The role of another multinational, the auditing firm, KPMG has also been exposed, and it has now been banned by the Auditor General from doing public sector auditing. The same has happened to Nkonki Inc – caught up in the Gupta and Venda Building Society web – now undergoing liquidation.
Investigative journalists are, quite rightly praised for many of the revelations – but behind these exposures are also principled public sector workers, honest politicians, comrades who have the courage to speak up.
And finally…finally…as a result of all of this, the head of the NPA has found a spine and announced his intention to pursue charges of corruption and racketeering against Jacob Zuma.
The dots have become dots on dominoes, and everywhere the dominoes are falling. The fall of one domino is causing a ripple effect on others.
But we must remain extremely vigilant. The struggle against state capture is far from over. And the organised working class has a critical role to play.
The ANC, and the government are now under a new President. Cde Cyril Ramaphosa is clearly attempting to lead the struggle against state capture. But it is also clear that the organisation that he leads, the ANC, is still hamstrung by factions. There are clear indications of an attempt at a fight-back led from high up within the ANC. KZN has become a hot-bed of this attempted fight-back. In the face of overwhelming popular anger and frustration, the ANC often appears to be paralysed, or at least very slow to move. The events over the past weeks in the North West province underline this very clearly.
Let us take this opportunity to salute the role being played by our SACP and NEHAWU comrades in the North West. SACP’s July 2017 National Congress called for Left Progressive Fronts at the local, regional, provincial and national levels. By a Left Progressive Front, we do not necessarily mean a formal structure. What we are seeing in the North West is a practical example of just such a provincial Left Progressive Front in action. Together, in the North West, the SACP and COSATU have been playing a leading role, a principled role in speaking up for communities, for many concerned ANC members and supporters, even for local business-people and now parts of the Youth League itself. Of course, we condemn the senseless violence and acts of looting by unorganized elements, AND we condemn the fight-back violence by goon squads associated with the Premier. We join the overwhelming majority of citizens in the North West in saying: “Supra must go!” The ANC NEC must act decisively and in line with its own conference decisions. It must strengthen its Integrity Committee and deal with corruption without fear or favour.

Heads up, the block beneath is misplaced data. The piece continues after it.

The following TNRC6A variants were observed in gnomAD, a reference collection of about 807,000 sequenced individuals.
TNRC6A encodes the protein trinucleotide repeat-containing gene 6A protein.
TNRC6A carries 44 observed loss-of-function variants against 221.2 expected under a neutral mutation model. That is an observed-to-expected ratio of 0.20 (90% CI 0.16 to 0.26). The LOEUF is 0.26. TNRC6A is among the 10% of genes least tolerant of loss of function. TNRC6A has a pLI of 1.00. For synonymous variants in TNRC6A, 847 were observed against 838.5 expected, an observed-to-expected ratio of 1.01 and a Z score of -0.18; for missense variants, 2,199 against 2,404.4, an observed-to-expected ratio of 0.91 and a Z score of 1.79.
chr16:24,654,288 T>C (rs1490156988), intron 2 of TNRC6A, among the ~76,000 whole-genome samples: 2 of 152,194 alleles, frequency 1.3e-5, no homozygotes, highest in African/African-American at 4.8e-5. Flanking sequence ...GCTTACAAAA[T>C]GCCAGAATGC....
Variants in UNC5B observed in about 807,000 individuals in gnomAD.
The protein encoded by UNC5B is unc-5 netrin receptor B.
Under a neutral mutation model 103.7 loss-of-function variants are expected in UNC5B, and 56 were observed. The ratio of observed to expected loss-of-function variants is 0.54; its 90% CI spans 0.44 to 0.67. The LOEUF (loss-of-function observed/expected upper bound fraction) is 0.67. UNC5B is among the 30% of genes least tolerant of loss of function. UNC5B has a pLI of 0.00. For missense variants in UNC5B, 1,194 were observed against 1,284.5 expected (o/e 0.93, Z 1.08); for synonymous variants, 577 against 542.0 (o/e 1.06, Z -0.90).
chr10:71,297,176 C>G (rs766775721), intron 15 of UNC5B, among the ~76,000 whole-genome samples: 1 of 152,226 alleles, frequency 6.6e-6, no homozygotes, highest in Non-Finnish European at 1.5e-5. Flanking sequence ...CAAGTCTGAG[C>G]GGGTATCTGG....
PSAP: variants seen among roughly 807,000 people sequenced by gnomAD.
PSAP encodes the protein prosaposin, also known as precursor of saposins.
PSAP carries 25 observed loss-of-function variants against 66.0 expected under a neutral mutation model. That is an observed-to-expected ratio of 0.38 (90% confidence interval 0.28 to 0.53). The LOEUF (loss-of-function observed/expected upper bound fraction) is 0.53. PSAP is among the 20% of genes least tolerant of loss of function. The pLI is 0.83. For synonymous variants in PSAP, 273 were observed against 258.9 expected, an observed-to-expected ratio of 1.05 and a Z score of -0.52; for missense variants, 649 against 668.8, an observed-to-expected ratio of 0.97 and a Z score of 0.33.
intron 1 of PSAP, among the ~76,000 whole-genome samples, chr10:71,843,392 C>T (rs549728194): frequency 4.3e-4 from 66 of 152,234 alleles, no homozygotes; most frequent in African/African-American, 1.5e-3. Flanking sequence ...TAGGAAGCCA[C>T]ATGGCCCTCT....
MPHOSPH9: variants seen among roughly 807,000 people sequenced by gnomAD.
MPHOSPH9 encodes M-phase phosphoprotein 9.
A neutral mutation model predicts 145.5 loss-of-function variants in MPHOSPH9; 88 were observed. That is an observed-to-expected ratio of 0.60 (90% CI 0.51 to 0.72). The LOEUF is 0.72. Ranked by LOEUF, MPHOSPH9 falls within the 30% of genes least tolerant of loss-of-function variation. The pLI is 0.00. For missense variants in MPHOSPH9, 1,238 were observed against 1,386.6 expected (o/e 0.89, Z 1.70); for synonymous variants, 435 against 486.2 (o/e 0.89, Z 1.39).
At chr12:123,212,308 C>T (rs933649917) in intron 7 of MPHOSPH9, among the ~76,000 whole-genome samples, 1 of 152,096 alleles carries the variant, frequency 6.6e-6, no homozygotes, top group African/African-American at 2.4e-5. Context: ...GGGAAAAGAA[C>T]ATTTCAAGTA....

The struggle against State Capture is not just a general moral struggle against crime and corruption. As important as that is. It is directly a working class struggle, because State Capture is a direct threat to jobs and to the well-being of workers and the poor in our country. It is State Capture that has drained our budgetary resources. It is state looters and Tom Moyane’s perversion of SARS that has led to revenue under-performance. And so we have had an increase in VAT. It is a wrong intervention. We agree with COSATU that VAT increases are a blow against workers and poor. The SACP calls for a wealth tax on the super-rich, and for a land tax on unoccupied land, and on property speculators. We say no to unprogressive taxes, we say no to the VAT increases.
Now is the time for maximum working class unity. Now is the time for maximum unity in action of the entire trade union movement.
As the SACP we were disappointed that others chose to use the NEDLAC National Minimum Wage agreement as their headline mobilisation. We call on all Trade Unions to pursue the demands of their members in a manner that unites, rather than divides the Trade Union movement.
Let us not resort to an opportunism that says: “We reject any improvement for now. Let millions of workers continue to be paid less that R2 500 a month, less than R20 an hour. We reject these improvements until our maximum ambitions have been realised.”
Of course, R3 500 a month is NOT a living wage. But it is a floor below which no worker must fall. Of course, we must struggle relentlessly to achieve both full employment and a living wage.
But between 4.6 and 6 million workers as we speak are earning LESS than R20 an hour. Over 51% of South Africans live below R1 036 a month.
It is a tactical error to condemn workers to wage levels that are below R2 500 by rejecting the NEDLAC agreement of a national minimum wage of R3 500 as a starting point. In fact, this rejectionism will simply work to the advantage of the capitalist bosses who will continue to pocket the surplus they enjoy from the super-exploitation of the unorganised, the marginalised, and the precariously employed.